These examples do not amount to a significant percentage of the national budget, but they are examples of his tendency to spend to keep support alive. The problem with this is that is might not be a sustainable way. Yes, Bolivia has some dollars now, but what about in the next years, decades? It is my opinion that one of the reasons unemployment is tending to go down is because of Morales' populist policies. And the problem with populist policies is the they tend to be short-sighted. They might be good to keep public support, but they make no economic sense. In other words, most of the time, they are not sustainable. And that is the key word here, sustainability. The country must be able to keep on generating income, just like anyone. It cannot continue spending without worrying about from where is the next dollar going to come.

At present time, this does not look good. The only significant source of income for Bolivia seems to be natural gas. Bolivia cannot stay dependent on a commodity, we know what happens then. The diversification of the economy is also a priority. This is what makes income sustainable.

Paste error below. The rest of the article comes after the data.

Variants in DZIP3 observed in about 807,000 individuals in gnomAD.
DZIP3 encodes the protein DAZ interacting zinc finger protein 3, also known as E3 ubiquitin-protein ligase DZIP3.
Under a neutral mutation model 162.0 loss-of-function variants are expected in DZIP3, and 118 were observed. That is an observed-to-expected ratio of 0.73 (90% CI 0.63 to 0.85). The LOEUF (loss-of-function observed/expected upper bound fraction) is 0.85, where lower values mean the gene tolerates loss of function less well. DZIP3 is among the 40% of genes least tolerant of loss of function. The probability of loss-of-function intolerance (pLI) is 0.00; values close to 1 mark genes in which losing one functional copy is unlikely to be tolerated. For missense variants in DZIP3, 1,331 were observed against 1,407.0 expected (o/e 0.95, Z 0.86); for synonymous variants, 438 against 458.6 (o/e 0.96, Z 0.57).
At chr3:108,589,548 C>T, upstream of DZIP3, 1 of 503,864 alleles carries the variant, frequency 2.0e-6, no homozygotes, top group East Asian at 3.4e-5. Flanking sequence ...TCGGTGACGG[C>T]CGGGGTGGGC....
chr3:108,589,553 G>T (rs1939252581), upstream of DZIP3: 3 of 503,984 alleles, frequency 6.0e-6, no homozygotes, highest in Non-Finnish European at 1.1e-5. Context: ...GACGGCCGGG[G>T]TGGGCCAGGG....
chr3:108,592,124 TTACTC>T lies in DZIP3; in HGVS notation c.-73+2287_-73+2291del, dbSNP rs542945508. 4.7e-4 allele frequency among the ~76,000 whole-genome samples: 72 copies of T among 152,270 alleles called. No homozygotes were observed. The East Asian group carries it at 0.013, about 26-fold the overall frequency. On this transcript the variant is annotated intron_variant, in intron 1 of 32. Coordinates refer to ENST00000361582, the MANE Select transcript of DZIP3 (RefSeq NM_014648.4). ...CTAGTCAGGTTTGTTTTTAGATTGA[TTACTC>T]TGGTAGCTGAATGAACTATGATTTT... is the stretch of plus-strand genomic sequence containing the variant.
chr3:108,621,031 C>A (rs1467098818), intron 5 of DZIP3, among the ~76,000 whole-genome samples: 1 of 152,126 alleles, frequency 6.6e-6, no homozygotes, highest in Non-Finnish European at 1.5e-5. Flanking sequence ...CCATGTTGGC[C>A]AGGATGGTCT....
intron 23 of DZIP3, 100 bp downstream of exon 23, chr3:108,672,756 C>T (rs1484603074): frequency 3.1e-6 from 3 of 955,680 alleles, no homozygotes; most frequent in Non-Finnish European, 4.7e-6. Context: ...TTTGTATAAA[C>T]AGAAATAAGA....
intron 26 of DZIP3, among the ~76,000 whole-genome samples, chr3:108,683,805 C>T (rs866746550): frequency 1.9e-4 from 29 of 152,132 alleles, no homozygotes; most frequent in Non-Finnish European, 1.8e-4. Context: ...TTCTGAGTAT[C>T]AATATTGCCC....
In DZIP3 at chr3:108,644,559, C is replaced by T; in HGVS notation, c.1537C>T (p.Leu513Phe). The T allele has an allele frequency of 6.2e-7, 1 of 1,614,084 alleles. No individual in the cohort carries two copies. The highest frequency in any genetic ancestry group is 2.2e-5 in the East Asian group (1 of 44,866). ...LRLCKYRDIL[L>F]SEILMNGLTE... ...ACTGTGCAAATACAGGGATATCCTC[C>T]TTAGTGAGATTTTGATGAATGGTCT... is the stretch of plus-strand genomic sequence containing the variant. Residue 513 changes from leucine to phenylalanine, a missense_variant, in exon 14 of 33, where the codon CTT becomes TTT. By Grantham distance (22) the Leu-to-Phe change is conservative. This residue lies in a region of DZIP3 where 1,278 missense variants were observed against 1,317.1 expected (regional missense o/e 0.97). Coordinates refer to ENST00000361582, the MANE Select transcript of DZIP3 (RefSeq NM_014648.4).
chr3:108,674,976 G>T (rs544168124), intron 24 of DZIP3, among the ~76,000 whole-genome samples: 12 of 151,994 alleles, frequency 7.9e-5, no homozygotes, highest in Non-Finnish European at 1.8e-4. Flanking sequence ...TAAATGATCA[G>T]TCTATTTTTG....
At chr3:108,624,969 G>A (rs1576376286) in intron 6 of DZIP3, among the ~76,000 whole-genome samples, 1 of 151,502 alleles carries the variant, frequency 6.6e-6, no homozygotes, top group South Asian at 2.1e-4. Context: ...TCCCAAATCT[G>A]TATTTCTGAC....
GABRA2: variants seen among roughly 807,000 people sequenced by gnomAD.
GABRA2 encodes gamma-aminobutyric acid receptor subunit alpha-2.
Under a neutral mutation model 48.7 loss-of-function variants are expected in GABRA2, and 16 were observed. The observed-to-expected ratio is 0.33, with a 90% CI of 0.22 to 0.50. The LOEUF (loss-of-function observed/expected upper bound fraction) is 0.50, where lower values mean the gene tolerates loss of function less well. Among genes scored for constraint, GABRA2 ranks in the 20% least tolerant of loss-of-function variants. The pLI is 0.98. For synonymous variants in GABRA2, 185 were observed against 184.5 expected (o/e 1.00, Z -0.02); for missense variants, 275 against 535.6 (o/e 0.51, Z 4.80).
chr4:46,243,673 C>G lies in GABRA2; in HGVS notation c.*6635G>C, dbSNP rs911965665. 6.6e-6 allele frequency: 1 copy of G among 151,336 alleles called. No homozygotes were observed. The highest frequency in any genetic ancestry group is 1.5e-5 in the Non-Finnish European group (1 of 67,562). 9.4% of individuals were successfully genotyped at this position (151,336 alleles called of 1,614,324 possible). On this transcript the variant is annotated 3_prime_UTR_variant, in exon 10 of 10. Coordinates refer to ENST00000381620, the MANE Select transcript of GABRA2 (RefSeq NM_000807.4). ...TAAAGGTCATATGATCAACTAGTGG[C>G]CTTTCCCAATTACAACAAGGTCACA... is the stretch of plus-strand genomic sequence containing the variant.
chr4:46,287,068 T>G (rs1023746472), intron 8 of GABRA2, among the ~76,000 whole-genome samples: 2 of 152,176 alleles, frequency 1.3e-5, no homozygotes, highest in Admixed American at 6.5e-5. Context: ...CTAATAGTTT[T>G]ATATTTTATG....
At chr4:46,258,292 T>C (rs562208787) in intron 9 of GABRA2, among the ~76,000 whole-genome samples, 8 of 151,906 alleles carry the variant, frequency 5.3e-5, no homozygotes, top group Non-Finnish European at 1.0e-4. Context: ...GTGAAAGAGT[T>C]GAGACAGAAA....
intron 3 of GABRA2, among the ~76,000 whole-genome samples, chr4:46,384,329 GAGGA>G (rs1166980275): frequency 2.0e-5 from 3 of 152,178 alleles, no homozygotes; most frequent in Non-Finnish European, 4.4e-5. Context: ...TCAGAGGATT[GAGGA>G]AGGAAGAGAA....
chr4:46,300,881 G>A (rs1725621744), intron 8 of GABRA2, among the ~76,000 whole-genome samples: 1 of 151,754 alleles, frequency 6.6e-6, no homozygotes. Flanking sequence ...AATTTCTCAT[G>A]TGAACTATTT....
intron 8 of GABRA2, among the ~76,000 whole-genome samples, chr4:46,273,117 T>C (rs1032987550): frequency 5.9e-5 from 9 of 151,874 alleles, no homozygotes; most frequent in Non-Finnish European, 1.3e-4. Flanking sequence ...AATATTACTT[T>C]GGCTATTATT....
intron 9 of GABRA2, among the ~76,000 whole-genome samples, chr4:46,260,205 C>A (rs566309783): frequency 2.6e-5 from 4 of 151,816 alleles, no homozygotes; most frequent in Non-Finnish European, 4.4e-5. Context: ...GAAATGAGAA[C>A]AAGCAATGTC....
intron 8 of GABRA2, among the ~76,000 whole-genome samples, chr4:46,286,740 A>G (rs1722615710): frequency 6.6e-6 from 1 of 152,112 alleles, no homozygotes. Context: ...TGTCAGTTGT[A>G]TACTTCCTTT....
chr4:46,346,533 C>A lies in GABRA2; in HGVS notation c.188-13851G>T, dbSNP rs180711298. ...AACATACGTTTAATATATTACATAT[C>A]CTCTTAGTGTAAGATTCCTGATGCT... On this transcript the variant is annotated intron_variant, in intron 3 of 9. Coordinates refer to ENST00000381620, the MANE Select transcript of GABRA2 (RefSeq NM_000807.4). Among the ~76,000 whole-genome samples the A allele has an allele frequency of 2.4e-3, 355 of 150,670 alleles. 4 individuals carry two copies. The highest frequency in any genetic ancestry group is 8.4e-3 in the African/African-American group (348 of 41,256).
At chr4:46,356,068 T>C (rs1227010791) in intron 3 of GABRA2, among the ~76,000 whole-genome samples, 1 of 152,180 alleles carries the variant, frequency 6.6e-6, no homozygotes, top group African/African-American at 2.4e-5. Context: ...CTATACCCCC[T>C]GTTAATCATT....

mcentellas said...

I also worry about those issues. On the one hand, in macroeconomic indicators, Bolivia's economy has done well -- and continues to do so. So where's the crisis? I've always thought hte crisis was more political than economic. On the other hand, is Evo pursuing policies too similar to those of the Barrientos/Ovando/Torres period (1960s-1970s) & the UDP government (1982-1985)? If so, what's the danger of a collapse of such policies?

mabb said...